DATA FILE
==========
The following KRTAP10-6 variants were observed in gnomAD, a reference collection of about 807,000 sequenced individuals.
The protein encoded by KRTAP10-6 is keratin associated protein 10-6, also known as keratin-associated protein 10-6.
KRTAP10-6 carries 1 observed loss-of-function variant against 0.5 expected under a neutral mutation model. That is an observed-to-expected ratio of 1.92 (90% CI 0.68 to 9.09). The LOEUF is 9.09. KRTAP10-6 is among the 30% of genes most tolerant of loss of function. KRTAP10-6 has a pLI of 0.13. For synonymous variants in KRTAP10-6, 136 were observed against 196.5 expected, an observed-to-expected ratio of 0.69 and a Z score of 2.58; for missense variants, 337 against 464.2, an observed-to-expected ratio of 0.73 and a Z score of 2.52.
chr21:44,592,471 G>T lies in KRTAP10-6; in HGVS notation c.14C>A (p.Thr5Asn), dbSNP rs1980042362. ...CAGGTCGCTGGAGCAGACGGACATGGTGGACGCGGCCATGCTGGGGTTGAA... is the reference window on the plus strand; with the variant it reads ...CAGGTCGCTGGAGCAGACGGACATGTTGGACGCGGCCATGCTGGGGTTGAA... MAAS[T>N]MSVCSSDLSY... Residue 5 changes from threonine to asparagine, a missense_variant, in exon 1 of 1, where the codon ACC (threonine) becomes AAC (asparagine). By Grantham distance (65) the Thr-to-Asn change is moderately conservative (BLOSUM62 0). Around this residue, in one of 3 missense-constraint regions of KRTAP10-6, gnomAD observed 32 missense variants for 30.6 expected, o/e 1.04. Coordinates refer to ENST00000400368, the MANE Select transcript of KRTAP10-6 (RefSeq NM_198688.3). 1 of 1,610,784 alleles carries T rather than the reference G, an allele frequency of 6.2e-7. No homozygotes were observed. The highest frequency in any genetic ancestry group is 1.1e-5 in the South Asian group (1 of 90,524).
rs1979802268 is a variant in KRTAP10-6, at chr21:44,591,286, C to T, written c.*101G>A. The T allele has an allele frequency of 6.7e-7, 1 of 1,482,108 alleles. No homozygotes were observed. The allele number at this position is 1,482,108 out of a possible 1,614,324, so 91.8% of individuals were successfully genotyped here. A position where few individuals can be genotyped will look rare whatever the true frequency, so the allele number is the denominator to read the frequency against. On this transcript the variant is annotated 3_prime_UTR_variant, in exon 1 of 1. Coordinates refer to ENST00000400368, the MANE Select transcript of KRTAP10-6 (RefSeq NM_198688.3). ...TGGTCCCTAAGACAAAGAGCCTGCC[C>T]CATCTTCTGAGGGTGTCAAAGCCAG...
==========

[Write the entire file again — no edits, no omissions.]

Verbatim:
The following KRTAP10-6 variants were observed in gnomAD, a reference collection of about 807,000 sequenced individuals.
The protein encoded by KRTAP10-6 is keratin associated protein 10-6, also known as keratin-associated protein 10-6.
KRTAP10-6 carries 1 observed loss-of-function variant against 0.5 expected under a neutral mutation model. That is an observed-to-expected ratio of 1.92 (90% CI 0.68 to 9.09). The LOEUF is 9.09. KRTAP10-6 is among the 30% of genes most tolerant of loss of function. KRTAP10-6 has a pLI of 0.13. For synonymous variants in KRTAP10-6, 136 were observed against 196.5 expected, an observed-to-expected ratio of 0.69 and a Z score of 2.58; for missense variants, 337 against 464.2, an observed-to-expected ratio of 0.73 and a Z score of 2.52.
chr21:44,592,471 G>T lies in KRTAP10-6; in HGVS notation c.14C>A (p.Thr5Asn), dbSNP rs1980042362. ...CAGGTCGCTGGAGCAGACGGACATGGTGGACGCGGCCATGCTGGGGTTGAA... is the reference window on the plus strand; with the variant it reads ...CAGGTCGCTGGAGCAGACGGACATGTTGGACGCGGCCATGCTGGGGTTGAA... MAAS[T>N]MSVCSSDLSY... Residue 5 changes from threonine to asparagine, a missense_variant, in exon 1 of 1, where the codon ACC (threonine) becomes AAC (asparagine). By Grantham distance (65) the Thr-to-Asn change is moderately conservative (BLOSUM62 0). Around this residue, in one of 3 missense-constraint regions of KRTAP10-6, gnomAD observed 32 missense variants for 30.6 expected, o/e 1.04. Coordinates refer to ENST00000400368, the MANE Select transcript of KRTAP10-6 (RefSeq NM_198688.3). 1 of 1,610,784 alleles carries T rather than the reference G, an allele frequency of 6.2e-7. No homozygotes were observed. The highest frequency in any genetic ancestry group is 1.1e-5 in the South Asian group (1 of 90,524).
rs1979802268 is a variant in KRTAP10-6, at chr21:44,591,286, C to T, written c.*101G>A. The T allele has an allele frequency of 6.7e-7, 1 of 1,482,108 alleles. No homozygotes were observed. The allele number at this position is 1,482,108 out of a possible 1,614,324, so 91.8% of individuals were successfully genotyped here. A position where few individuals can be genotyped will look rare whatever the true frequency, so the allele number is the denominator to read the frequency against. On this transcript the variant is annotated 3_prime_UTR_variant, in exon 1 of 1. Coordinates refer to ENST00000400368, the MANE Select transcript of KRTAP10-6 (RefSeq NM_198688.3). ...TGGTCCCTAAGACAAAGAGCCTGCC[C>T]CATCTTCTGAGGGTGTCAAAGCCAG...